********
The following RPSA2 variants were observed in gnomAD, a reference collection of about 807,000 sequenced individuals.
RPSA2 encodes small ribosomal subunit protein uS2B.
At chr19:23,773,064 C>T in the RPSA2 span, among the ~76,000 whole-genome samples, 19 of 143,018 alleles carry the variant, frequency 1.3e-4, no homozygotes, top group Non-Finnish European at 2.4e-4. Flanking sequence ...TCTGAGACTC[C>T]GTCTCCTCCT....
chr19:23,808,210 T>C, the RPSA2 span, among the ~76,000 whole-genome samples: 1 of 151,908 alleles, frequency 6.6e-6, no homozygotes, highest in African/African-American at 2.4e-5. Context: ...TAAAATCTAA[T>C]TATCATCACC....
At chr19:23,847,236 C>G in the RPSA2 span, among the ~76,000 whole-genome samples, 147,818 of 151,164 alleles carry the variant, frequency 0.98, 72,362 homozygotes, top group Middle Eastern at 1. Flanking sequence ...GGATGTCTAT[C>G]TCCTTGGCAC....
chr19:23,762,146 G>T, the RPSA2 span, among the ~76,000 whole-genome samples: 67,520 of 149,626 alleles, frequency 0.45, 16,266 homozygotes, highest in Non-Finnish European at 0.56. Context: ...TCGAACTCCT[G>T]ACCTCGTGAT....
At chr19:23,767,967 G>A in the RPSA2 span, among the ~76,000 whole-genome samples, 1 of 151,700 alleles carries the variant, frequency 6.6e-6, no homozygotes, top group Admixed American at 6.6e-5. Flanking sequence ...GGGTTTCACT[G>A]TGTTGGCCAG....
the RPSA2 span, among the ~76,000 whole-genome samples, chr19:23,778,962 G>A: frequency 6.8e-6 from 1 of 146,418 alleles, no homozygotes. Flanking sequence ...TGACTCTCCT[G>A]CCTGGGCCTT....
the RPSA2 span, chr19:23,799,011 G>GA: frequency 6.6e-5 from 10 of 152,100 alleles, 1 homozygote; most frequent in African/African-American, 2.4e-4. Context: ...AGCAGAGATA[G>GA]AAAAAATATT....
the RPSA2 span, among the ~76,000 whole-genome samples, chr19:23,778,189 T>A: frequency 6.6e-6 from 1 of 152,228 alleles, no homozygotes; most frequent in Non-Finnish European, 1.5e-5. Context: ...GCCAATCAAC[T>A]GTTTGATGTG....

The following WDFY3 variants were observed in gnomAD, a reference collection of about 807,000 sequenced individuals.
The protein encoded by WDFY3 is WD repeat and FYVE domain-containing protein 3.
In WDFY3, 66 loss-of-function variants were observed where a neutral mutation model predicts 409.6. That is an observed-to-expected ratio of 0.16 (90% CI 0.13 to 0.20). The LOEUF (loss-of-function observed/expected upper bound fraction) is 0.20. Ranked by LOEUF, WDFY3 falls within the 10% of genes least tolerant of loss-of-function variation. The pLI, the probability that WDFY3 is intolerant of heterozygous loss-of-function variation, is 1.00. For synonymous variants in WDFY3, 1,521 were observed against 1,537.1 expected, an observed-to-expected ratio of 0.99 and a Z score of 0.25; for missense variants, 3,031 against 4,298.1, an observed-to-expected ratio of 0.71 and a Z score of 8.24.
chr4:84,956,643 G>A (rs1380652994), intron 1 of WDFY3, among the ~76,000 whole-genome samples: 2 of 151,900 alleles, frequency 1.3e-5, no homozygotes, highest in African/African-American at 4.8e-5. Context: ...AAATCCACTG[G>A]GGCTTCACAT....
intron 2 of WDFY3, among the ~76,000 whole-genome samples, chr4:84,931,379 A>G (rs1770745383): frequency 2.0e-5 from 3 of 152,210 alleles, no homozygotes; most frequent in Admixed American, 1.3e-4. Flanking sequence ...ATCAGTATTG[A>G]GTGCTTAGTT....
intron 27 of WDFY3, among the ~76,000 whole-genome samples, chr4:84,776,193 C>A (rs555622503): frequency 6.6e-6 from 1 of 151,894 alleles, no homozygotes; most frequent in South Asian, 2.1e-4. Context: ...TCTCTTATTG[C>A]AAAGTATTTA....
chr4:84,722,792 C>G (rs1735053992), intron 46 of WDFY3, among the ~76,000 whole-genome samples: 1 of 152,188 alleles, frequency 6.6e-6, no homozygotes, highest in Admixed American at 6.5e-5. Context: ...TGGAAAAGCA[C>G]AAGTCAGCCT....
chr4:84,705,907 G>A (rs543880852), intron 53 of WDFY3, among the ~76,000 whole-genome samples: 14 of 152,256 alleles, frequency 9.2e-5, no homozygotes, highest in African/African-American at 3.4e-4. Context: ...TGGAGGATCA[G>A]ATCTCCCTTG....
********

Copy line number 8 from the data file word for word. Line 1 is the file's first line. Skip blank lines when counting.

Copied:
the RPSA2 span, among the ~76,000 whole-genome samples, chr19:23,778,962 G>A: frequency 6.8e-6 from 1 of 146,418 alleles, no homozygotes. Flanking sequence ...TGACTCTCCT[G>A]CCTGGGCCTT....